EGU General Assembly 2022
© Author(s) 2022. This work is distributed under
the Creative Commons Attribution 4.0 License.

Data-driven prediction of gully densities and erosion risk at the global scale

Matthias Vanmaercke1, Yixian Chen2,3, Sofie De Geeter1,4,5, Jean Poesen1,6, Benjamin Campforts7, Pasquale Borrelli8, and Panos Panagos9
Matthias Vanmaercke et al.
  • 1KU Leuven, division of Geography and Tourism, Leuven, Belgium
  • 2State Key Laboratory of Soil Erosion and Dryland Farming on the Loess Plateau, Chinese Academy of Science and Ministry of Water Resources, Yangling, China
  • 3Institute of Soil and Water Conservation, Yangling, China
  • 4University of Liège, Department of Geography, Liège, Belgium
  • 5Research Foundation Flanders (FWO), Brussels, Belgium
  • 6Maria-Curie Sklodowska University, Faculty of Earth Sciences and Spatial Management, Lublin, Poland
  • 7University of Colorado, INSTAAR, Community Surface Dynamics Modeling System, Boulder (CO), USA
  • 8Universityof Pavia, Department of Earth and Environmental Sciences, Pavia, Switzerland
  • 9European Commission, Joint Research Centre, Ispra, Italy

Gully erosion is a key driver of soil erosion and land degradation in many regions worldwide, leading to important on- and offsite impacts. While numerous studies have focussed on understanding gully erosion at local scales, we have very little insights into the patterns and controlling factors of this process at a global scale. Overall, gully erosion remains notoriously difficult to simulate and predict. A main reason for this is that the complex and threshold-dependent nature of gully formation leads to very high data requirements when aiming to simulate this process over larger areas.

Here we help bridging this gap by presenting the first data-driven analyses of gully head densities at a global scale.  For this, we developed a grid-based scoring method that allows to quickly assess the range of gully head densities in a given area based on Google Earth imagery. Using this approach, we constructed a global database of mapped gully head densities for around 20,000 sites worldwide. Based on this dataset and globally available data layers on relevant environmental factors (topography, soil characteristics, land use) we explored which factors are dominant in explaining global patterns of gully head densities and propose a first global gully head density map as well as a gully erosion risk map. The latter combines gully density with estimates of the likely expansion rates of gullies. For this we use a combination of machine learning techniques and empirical modelling.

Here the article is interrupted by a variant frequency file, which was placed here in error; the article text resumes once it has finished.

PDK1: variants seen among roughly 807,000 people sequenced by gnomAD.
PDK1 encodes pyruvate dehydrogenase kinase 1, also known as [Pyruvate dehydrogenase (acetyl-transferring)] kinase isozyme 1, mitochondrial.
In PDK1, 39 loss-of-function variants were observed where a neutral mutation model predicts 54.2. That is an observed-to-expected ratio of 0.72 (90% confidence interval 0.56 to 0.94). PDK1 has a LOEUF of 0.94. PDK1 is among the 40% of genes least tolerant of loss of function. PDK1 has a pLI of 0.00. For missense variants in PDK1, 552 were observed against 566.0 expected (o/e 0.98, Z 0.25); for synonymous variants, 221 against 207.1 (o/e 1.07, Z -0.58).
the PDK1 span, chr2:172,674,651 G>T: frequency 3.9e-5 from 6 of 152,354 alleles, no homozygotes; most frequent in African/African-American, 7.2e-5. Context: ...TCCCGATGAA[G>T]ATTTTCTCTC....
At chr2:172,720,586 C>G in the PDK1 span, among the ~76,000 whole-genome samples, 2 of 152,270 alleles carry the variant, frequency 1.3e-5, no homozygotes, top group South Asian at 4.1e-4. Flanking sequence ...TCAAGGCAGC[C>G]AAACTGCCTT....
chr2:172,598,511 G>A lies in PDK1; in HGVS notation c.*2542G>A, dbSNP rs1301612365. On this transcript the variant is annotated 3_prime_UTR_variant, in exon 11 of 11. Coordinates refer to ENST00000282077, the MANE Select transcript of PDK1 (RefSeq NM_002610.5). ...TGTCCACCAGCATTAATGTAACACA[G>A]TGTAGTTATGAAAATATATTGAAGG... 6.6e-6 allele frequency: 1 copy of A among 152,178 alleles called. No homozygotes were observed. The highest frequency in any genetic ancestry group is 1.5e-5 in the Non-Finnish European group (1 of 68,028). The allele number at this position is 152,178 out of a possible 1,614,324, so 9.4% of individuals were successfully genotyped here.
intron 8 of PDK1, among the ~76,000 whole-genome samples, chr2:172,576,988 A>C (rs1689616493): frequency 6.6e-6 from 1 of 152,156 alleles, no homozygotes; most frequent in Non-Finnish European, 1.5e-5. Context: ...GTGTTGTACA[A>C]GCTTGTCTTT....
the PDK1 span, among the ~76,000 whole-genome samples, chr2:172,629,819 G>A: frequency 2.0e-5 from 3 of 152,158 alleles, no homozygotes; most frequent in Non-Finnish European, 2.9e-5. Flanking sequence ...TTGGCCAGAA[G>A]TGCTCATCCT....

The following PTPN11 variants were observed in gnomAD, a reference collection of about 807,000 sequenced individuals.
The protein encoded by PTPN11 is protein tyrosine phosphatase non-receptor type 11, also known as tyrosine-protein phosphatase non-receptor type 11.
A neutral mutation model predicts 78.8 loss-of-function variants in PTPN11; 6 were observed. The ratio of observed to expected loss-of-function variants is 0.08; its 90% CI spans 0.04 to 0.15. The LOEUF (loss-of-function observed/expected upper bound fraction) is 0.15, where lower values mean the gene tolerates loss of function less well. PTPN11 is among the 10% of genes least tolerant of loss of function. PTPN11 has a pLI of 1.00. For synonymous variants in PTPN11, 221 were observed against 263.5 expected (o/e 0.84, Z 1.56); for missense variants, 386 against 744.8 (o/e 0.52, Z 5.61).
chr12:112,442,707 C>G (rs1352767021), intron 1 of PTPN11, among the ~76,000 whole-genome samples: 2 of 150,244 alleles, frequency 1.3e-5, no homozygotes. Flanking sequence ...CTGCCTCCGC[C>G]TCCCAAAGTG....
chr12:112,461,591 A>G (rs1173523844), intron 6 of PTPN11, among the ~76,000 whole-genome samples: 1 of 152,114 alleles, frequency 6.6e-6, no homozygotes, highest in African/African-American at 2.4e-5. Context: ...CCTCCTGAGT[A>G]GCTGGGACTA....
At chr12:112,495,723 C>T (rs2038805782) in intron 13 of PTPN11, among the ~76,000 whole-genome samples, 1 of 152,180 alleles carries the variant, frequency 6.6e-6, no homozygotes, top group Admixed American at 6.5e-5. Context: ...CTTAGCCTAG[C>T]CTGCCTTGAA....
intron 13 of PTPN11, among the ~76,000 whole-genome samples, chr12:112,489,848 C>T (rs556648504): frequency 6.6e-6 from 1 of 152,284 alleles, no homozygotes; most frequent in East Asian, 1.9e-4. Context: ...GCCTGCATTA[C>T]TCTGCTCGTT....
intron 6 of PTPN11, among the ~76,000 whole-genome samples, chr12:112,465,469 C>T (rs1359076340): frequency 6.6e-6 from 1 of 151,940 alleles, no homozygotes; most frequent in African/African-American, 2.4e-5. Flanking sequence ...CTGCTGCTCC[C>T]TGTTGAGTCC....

Our results indicate that there might be are around 2 billion gully heads worldwide. This estimate might underestimate the actual numbers of gully heads since ephemeral gullies (in cropland) and gullies under forest remain difficult to map. Our database and analyses further reveal clear regional patterns in the presence of gullies. Around 27% of the terrestrial surface (excluding Antarctica and Greenland) has a density of > 1 gully head/km², while an estimated 14% has a density of > 10 gully heads/km² and 4% has even a density of > 100 gully heads/km². Major hotspots (with > 50 gully heads/km²) include the Chinese loess plateau, but also Iran, large parts of the Sahara Desert, the Andes and Madagascar. In addition, gully erosion also frequently occurs (with typical densities of 1-50 gully heads/km²) in the Mid-West USA, the African Rift, SE-Brazil, India, New-Zealand and Australia.

These regional patterns are mainly explained by topography and climate in interaction with vegetation cover. Overall, the highest gully densities occur in regions with some topography and a (semi-)arid climate. Nonetheless, it is important to point out that not all gully heads are still actively retreating. Building on earlier insights into the magnitude and controlling factors of gully head retreat rates, we hypothesize that hotspots in terms of gully erosion are mostly situated in somewhat more humid and densely cultivated areas. Based on this, we explore what our current results imply for assessing actual gully erosion rates at a global scale.

How to cite: Vanmaercke, M., Chen, Y., De Geeter, S., Poesen, J., Campforts, B., Borrelli, P., and Panagos, P.: Data-driven prediction of gully densities and erosion risk at the global scale, EGU General Assembly 2022, Vienna, Austria, 23–27 May 2022, EGU22-2921,, 2022.